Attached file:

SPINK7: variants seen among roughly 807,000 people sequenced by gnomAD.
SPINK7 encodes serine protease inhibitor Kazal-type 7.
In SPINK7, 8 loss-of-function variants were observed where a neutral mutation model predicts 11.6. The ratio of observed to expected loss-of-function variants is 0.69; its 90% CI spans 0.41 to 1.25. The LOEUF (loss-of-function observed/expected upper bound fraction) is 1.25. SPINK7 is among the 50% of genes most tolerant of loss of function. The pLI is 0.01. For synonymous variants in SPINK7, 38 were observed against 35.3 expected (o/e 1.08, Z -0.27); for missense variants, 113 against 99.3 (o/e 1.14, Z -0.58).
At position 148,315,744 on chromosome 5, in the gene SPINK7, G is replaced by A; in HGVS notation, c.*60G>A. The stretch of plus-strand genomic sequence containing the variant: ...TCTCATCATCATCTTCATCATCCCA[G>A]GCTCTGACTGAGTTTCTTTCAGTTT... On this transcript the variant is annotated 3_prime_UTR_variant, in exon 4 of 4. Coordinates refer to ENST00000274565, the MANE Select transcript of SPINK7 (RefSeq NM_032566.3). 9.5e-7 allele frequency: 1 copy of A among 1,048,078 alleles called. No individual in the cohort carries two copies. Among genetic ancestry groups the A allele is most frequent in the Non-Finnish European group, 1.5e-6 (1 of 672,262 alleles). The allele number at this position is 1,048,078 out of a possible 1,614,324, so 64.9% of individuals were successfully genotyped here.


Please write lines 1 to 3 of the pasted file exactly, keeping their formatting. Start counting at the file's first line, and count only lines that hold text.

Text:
SPINK7: variants seen among roughly 807,000 people sequenced by gnomAD.
SPINK7 encodes serine protease inhibitor Kazal-type 7.
In SPINK7, 8 loss-of-function variants were observed where a neutral mutation model predicts 11.6. The ratio of observed to expected loss-of-function variants is 0.69; its 90% CI spans 0.41 to 1.25. The LOEUF (loss-of-function observed/expected upper bound fraction) is 1.25. SPINK7 is among the 50% of genes most tolerant of loss of function. The pLI is 0.01. For synonymous variants in SPINK7, 38 were observed against 35.3 expected (o/e 1.08, Z -0.27); for missense variants, 113 against 99.3 (o/e 1.14, Z -0.58).